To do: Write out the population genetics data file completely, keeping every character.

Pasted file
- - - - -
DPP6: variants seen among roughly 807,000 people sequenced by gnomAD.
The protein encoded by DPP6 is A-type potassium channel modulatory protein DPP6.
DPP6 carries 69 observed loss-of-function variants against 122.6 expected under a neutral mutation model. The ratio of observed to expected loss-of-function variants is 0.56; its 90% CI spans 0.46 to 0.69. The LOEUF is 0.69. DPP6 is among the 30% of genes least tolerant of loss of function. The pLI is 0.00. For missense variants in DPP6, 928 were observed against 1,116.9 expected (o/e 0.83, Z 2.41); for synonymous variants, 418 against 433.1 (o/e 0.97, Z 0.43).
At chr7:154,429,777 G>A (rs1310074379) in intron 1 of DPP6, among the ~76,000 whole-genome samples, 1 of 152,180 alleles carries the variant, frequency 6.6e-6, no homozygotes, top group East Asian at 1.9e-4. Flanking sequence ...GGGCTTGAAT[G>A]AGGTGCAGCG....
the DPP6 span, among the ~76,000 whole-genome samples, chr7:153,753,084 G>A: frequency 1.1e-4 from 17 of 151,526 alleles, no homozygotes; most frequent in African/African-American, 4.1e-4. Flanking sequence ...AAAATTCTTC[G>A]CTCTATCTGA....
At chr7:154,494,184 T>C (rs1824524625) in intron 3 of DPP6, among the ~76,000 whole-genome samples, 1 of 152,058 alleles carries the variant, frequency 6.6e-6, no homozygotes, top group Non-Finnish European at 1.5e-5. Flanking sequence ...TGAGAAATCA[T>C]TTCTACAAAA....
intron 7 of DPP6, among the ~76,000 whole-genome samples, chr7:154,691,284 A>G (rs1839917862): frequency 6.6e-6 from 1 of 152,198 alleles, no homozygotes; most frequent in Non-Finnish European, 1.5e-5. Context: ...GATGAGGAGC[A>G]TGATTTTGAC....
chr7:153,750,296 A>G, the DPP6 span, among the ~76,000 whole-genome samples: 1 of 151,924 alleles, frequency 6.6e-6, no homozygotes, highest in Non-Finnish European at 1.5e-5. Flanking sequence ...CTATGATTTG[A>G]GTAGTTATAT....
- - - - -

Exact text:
DPP6: variants seen among roughly 807,000 people sequenced by gnomAD.
The protein encoded by DPP6 is A-type potassium channel modulatory protein DPP6.
DPP6 carries 69 observed loss-of-function variants against 122.6 expected under a neutral mutation model. The ratio of observed to expected loss-of-function variants is 0.56; its 90% CI spans 0.46 to 0.69. The LOEUF is 0.69. DPP6 is among the 30% of genes least tolerant of loss of function. The pLI is 0.00. For missense variants in DPP6, 928 were observed against 1,116.9 expected (o/e 0.83, Z 2.41); for synonymous variants, 418 against 433.1 (o/e 0.97, Z 0.43).
At chr7:154,429,777 G>A (rs1310074379) in intron 1 of DPP6, among the ~76,000 whole-genome samples, 1 of 152,180 alleles carries the variant, frequency 6.6e-6, no homozygotes, top group East Asian at 1.9e-4. Flanking sequence ...GGGCTTGAAT[G>A]AGGTGCAGCG....
the DPP6 span, among the ~76,000 whole-genome samples, chr7:153,753,084 G>A: frequency 1.1e-4 from 17 of 151,526 alleles, no homozygotes; most frequent in African/African-American, 4.1e-4. Flanking sequence ...AAAATTCTTC[G>A]CTCTATCTGA....
At chr7:154,494,184 T>C (rs1824524625) in intron 3 of DPP6, among the ~76,000 whole-genome samples, 1 of 152,058 alleles carries the variant, frequency 6.6e-6, no homozygotes, top group Non-Finnish European at 1.5e-5. Flanking sequence ...TGAGAAATCA[T>C]TTCTACAAAA....
intron 7 of DPP6, among the ~76,000 whole-genome samples, chr7:154,691,284 A>G (rs1839917862): frequency 6.6e-6 from 1 of 152,198 alleles, no homozygotes; most frequent in Non-Finnish European, 1.5e-5. Context: ...GATGAGGAGC[A>G]TGATTTTGAC....
chr7:153,750,296 A>G, the DPP6 span, among the ~76,000 whole-genome samples: 1 of 151,924 alleles, frequency 6.6e-6, no homozygotes, highest in Non-Finnish European at 1.5e-5. Flanking sequence ...CTATGATTTG[A>G]GTAGTTATAT....